How the Romans Made Wine

How the Romans Made Wine

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Expert Author Lynne Evans
The Romans understood terroir and were very careful about where they planted vines. Before the Romans, the Etruscans lived in what is now called Italy and they made wine from wild grapes. It seems that there was an abundance of them in the Mediterranean area.
Roman wine production was heavily influenced by both the Etruscans and the ancient Greeks.
After harvesting the grapes, people would trample on them This might not have been hygienic, but it was the best way the Romans knew to press wine. After the trampling, the wine was transported to be pressed in a torculum or wine press. The grape juice was strained to get rid of the grape skins and seeds.
The next stage in the production process was to transfer the liquid to the huge jars or amphorae where it could ferment. Sometimes these vessels were buried in sand, soil, or water. Sometimes these juices were boiled prior to storing them in these vessels.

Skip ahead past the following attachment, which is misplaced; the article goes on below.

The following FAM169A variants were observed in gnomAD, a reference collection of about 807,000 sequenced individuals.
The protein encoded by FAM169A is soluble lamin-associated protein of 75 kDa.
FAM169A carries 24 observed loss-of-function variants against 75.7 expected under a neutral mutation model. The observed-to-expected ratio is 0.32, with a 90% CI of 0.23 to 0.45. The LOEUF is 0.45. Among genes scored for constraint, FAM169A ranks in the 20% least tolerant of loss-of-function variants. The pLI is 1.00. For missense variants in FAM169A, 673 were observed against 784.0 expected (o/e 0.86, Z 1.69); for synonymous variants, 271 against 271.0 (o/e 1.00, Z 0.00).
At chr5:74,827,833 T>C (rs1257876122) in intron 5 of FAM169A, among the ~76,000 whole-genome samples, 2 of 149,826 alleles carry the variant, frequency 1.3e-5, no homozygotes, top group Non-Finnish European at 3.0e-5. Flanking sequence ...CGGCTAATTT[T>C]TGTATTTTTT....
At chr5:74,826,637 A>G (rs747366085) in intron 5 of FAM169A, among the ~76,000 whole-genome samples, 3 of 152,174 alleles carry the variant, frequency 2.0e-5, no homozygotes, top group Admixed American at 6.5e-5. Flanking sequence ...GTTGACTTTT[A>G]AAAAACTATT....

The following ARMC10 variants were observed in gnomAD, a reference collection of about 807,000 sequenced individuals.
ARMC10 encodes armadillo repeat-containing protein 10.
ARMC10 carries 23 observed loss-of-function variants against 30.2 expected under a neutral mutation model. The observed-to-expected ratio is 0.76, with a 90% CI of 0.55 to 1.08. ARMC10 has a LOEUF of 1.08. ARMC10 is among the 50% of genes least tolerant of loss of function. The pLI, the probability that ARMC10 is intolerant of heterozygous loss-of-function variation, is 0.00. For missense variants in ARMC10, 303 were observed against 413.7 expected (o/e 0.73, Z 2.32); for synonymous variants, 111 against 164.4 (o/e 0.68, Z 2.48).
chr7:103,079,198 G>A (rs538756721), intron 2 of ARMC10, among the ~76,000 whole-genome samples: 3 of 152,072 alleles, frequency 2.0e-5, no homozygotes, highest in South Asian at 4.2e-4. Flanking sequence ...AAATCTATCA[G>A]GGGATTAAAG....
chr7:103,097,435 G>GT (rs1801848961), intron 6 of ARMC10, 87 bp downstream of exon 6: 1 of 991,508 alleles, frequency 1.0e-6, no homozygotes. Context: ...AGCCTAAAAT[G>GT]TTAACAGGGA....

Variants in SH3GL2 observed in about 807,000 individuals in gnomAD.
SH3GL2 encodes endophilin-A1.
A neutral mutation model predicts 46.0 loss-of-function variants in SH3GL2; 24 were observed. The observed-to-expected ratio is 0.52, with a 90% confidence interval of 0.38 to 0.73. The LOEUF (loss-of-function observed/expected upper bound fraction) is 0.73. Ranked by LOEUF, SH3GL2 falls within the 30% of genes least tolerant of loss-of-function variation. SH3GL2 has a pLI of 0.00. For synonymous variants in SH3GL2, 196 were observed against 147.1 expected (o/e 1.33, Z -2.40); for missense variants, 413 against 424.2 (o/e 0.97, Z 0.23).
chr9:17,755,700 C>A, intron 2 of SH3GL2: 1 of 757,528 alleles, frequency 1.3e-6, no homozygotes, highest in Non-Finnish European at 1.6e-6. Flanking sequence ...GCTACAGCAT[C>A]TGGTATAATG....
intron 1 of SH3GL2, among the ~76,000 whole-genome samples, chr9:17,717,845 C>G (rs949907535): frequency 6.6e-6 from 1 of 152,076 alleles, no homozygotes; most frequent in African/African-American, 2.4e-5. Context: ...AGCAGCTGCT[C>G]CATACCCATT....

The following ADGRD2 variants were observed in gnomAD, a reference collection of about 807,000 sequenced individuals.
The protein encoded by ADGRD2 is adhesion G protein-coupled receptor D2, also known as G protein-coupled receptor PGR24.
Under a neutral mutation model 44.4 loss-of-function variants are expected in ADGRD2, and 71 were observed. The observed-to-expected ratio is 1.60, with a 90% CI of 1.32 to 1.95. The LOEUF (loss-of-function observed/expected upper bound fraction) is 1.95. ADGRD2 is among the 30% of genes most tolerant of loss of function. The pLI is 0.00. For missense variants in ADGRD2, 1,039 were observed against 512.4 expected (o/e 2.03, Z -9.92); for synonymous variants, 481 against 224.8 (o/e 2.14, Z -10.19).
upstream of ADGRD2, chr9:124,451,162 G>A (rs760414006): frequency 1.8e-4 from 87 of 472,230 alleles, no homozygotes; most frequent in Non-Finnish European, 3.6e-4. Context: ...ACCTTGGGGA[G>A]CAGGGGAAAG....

If the end result was to produce a high quality vintage wine, the wine would remain in the vessels for between 10 and 25 years.
However, wine was usually left for between 9 days and a couple of months. This was Roman plonk!
Pliny the Elder wrote about the Roman way of producing wine and growing vines in his work, 'Historia Naturalis' translated as Natural History. He wrote that Italian wine was the best in the world, or at least in the known world.
However, the Romans and their compatriots cornered the wine market, disallowing other competitors from other countries outside of what is now called Italy. So other countries such as France, Spain and Portugal were not allowed, officially, to produce wine.
According to Pliny, by the middle of the second century BC, wine was an important commodity. However, as the Roman Empire grew, the export value of wine would diminish, as grapes were cultivated in other parts of the empire, notably in what is now France and the Iberian peninsula.
The Romans drank wine at any time of night and day, but it was diluted with water as it was stronger than wines of today.
The Roman wine industry fell into decline along with the empire. Wine production continued, but it fell out of favour until the Renaissance, when there was a revival of interest in classical culture.
So wine in the Roman Empire had its ups and downs, but luckily, the art of wine-making survived.

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